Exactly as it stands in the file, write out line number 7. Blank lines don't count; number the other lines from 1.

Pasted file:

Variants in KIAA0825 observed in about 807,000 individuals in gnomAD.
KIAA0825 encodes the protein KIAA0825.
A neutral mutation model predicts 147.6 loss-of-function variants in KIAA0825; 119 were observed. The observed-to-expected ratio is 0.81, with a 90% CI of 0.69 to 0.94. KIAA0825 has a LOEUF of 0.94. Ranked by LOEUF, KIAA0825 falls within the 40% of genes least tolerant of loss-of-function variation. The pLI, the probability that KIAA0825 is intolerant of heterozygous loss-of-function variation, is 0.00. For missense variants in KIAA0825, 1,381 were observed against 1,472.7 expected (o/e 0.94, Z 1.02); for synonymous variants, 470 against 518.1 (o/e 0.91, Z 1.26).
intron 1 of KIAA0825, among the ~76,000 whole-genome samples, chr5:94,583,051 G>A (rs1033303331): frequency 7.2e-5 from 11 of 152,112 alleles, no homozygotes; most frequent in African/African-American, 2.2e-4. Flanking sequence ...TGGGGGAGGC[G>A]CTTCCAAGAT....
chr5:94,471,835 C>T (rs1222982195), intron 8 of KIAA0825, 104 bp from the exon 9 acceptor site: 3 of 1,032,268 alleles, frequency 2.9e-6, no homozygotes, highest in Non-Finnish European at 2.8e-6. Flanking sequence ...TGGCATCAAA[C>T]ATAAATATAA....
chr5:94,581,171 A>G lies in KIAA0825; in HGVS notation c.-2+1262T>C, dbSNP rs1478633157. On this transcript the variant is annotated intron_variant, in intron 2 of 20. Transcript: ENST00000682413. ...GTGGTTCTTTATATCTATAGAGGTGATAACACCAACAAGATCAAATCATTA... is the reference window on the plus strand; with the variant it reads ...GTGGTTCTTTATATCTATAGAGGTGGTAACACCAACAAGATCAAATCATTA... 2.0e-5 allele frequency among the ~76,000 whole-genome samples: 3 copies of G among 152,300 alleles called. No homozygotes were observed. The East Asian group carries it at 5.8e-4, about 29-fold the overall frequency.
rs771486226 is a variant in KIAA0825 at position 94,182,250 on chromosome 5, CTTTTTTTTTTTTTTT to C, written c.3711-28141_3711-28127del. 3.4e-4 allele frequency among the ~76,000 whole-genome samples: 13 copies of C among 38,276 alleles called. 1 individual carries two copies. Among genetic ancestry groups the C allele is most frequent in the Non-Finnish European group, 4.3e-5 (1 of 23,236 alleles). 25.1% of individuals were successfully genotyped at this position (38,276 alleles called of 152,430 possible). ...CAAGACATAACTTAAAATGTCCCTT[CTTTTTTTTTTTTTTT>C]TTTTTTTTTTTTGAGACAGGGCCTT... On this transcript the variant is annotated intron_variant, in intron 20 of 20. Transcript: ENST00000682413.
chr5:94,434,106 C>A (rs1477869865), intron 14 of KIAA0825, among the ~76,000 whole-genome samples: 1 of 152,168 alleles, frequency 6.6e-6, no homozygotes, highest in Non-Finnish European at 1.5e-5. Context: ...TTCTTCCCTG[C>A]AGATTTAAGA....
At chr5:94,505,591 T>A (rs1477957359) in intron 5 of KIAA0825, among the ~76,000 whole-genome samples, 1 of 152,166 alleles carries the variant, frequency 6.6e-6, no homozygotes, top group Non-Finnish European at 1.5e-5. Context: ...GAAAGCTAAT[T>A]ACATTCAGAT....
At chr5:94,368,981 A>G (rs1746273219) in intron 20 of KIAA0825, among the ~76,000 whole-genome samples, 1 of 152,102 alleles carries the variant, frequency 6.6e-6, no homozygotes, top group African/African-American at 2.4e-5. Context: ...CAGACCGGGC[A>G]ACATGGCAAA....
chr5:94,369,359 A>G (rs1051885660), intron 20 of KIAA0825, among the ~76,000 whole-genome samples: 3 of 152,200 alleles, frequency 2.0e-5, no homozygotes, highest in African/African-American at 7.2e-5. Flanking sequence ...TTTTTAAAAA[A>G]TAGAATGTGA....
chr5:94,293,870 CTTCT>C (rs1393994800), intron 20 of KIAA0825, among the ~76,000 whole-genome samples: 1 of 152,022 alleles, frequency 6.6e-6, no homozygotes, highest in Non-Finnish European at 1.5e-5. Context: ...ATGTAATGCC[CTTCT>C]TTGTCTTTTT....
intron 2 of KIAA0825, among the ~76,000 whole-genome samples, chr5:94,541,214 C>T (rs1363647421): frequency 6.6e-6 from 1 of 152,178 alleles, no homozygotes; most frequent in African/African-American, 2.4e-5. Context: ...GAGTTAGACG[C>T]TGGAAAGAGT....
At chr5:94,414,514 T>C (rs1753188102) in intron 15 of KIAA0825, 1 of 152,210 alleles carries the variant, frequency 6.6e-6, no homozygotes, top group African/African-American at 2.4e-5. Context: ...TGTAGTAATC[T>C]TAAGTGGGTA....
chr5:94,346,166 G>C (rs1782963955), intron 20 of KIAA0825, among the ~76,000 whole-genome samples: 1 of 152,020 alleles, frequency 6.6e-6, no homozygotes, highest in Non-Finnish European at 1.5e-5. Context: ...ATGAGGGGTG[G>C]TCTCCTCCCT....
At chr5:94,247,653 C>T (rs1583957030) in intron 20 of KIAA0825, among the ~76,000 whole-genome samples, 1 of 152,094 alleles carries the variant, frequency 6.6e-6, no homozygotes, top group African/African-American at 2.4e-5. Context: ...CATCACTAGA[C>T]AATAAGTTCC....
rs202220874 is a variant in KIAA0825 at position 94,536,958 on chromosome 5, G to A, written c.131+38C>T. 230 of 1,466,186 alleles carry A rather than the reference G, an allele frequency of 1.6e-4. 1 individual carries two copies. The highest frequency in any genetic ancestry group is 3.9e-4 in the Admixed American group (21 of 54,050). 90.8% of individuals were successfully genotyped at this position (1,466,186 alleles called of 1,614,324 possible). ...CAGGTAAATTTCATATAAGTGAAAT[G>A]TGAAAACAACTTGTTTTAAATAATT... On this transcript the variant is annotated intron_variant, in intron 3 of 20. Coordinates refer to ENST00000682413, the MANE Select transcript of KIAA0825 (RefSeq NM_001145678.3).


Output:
rs771486226 is a variant in KIAA0825 at position 94,182,250 on chromosome 5, CTTTTTTTTTTTTTTT to C, written c.3711-28141_3711-28127del. 3.4e-4 allele frequency among the ~76,000 whole-genome samples: 13 copies of C among 38,276 alleles called. 1 individual carries two copies. Among genetic ancestry groups the C allele is most frequent in the Non-Finnish European group, 4.3e-5 (1 of 23,236 alleles). 25.1% of individuals were successfully genotyped at this position (38,276 alleles called of 152,430 possible). ...CAAGACATAACTTAAAATGTCCCTT[CTTTTTTTTTTTTTTT>C]TTTTTTTTTTTTGAGACAGGGCCTT... On this transcript the variant is annotated intron_variant, in intron 20 of 20. Transcript: ENST00000682413.